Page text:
This paper reports the latest results from a millimeter-wave (CO)spectroscopic survey of IRAS-detected radio galaxies withL1.4GHz~1023-1028 W Hz-1 inthe redshift range z~0.02-0.15. The IRAS flux-limited sample contains 33radio galaxies with different radio morphologies and a broad range ofinfrared luminosities (LIR=109-1012Lsolar), allowing for an investigation of (1) whether low-zradio-selected active galactic nuclei (AGNs) reside in moleculargas-rich host galaxies and (2) whether the CO properties are correlatedwith the properties of the host galaxy or the AGN. All of the radiogalaxies in Mazzarella et al. and Mirabel et al. have been reobserved.Three new CO detections have been made, raising the total number of COdetections to nine and setting the survey detection rate at ~25%. Manyof the CO lines have double-peaked profiles, and the CO line widths arebroad (average ΔvFWHM~500+/-130 km s-1),exceeding the average CO widths of both ultraluminous infrared galaxies(300+/-90 km s-1) and Palomar-Green QSOs (260+/-160 kms-1), and thus being indicative of massive host galaxies. TheCO luminosities translate into molecular gas masses of~(0.4-7)×109 Msolar, however, the 3 σCO upper limits for nondetections do not rule out a molecular gas massas high as that of the Milky Way (~3×109Msolar). Optical images of eight out of nine moleculargas-rich radio galaxies show evidence of close companions and/or tidalfeatures. Finally, there is no obvious correlation between radio powerand molecular gas mass. However, it is notable that only one F-R IIgalaxy out of 12 is detected in this CO survey; the remaining detectionsare of galaxies hosting F-R I and compact radio jets.

A Fundamental Plane Relation for the X-Ray Gas in Normal Elliptical Galaxies
We report on the discovery of a new correlation between globalparameters of the hot interstellar gas in elliptical galaxies. Wereanalyze archival Chandra data for 30 normal early-type systems,removing the contributions of resolved and unresolved point sources toreveal the X-ray morphology of the hot gas. We determine the half-lightradius, RX, and the mean surface brightness, IX,from the gas surface brightness profiles. A spectral analysis determinesthe temperature, TX, of the gas within 3 optical effectiveradii. We find that the galaxies lie on an X-ray gas fundamental plane(XGFP) of the formTX~R0.28XI0.22X.This is close to, but distinct from, a simple luminosity-temperaturerelation. The intrinsic width of the XGFP is only 0.07 dex, nearlyidentical to that of the stellar (optical) fundamental plane (SFP). Thisis surprising since X-ray gas masses are typically ~10-2 ofthe stellar masses. We show that the XGFP is not a simple consequence ofthe virial theorem or hydrostatic equilibrium and that it is essentiallyindependent of the SFP. The XGFP thus represents a genuinely newconstraint on the hydrodynamical evolution of elliptical galaxies.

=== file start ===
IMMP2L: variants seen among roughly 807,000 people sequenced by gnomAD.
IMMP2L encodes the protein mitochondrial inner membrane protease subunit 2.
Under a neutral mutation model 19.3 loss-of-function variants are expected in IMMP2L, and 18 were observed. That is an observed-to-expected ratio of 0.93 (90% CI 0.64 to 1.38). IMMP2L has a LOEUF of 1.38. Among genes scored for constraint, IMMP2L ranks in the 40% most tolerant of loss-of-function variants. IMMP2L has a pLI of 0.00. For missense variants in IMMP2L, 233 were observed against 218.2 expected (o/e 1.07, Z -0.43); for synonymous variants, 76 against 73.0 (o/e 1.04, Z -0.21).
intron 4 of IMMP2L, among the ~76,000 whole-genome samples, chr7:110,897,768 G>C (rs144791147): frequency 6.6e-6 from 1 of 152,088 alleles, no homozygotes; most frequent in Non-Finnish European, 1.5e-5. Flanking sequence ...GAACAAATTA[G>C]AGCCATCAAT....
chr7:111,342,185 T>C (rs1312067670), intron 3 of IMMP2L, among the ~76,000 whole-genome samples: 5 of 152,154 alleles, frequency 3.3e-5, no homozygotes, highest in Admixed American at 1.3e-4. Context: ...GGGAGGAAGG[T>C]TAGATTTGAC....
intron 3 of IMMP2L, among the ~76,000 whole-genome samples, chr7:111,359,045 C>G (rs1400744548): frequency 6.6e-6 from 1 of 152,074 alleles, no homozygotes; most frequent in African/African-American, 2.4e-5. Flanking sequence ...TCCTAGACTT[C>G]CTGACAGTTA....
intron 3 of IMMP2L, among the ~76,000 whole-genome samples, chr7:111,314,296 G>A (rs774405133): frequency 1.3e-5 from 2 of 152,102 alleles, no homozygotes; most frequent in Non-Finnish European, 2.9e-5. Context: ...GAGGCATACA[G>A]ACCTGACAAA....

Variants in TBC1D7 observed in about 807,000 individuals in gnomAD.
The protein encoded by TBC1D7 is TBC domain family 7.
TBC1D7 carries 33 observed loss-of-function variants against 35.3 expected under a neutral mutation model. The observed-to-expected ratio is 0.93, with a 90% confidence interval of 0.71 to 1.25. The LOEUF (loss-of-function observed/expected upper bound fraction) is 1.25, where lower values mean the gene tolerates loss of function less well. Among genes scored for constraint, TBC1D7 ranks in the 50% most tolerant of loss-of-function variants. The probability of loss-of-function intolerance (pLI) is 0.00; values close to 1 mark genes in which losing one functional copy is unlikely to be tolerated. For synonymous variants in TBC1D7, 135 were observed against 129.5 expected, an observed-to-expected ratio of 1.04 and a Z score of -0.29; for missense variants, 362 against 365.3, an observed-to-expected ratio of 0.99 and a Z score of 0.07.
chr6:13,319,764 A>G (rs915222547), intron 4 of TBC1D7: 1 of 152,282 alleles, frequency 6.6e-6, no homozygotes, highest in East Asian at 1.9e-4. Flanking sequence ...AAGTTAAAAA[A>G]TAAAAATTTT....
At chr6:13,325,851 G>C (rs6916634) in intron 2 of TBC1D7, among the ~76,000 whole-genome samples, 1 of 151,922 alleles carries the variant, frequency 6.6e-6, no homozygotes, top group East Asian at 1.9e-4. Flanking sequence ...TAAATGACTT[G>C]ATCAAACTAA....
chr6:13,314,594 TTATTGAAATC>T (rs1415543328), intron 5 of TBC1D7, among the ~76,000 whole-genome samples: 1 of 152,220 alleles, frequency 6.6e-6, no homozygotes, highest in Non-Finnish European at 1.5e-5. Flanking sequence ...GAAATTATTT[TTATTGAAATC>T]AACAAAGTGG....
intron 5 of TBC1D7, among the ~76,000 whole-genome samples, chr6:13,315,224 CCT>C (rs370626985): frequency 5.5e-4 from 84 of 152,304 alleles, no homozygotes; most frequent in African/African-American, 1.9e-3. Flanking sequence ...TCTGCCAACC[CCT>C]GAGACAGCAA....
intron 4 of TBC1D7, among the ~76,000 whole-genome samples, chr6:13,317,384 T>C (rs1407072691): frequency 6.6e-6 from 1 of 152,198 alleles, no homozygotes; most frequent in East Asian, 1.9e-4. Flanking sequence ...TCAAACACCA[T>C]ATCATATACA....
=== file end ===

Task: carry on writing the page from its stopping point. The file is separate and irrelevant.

The Link between Star Formation and Accretion in LINERs: A Comparison with Other Active Galactic Nucleus Subclasses
We present archival high-resolution X-ray imaging observations of 25nearby LINERs observed by ACIS on board Chandra. This sample builds onour previously published proprietary and archival X-ray observations andincludes the complete set of LINERs with published black hole masses andFIR luminosities that have been observed by Chandra. Of the 82 LINERsobserved by Chandra, 41 (50%) display hard nuclear cores consistent withan AGN. The nuclear 2-10 keV luminosities of these AGN-LINERs range from~2×1038 to ~1×1044 ergss-1. Reinforcing our previous work, we find a significantcorrelation between the Eddington ratio,Lbol/LEdd, and the FIR luminosity,LFIR, as well as the IR brightness ratio,LFIR/LB, in the host galaxy of AGN-LINERs thatextends over 7 orders of magnitude in Lbol/LEdd.Combining our AGN-LINER sample with galaxies from other AGN subclasses,we find that this correlation is reinforced in a sample of 129 AGNs,extending over almost 9 orders of magnitude inLbol/LEdd. Using archival and previously publishedobservations of the 6.2 μm PAH feature from ISO, we find that it isunlikely that dust heating by the AGN dominates the FIR luminosity inour sample of AGNs. Our results may therefore imply a fundamental linkbetween the mass accretion rate (M˙), as measured by the Eddingtonratio, and the star formation rate (SFR), as measured by the FIRluminosity. Apart from the overall correlation, we find that thedifferent AGN subclasses occupy distinct regions in the LFIRand Lbol/LEdd plane. Assuming a constant radiativeefficiency for accretion, our results may imply a variation in theSFR/M˙ ratio as a function of AGN activity level, a result that mayhave significant consequences for our understanding of galaxy formationand black hole growth.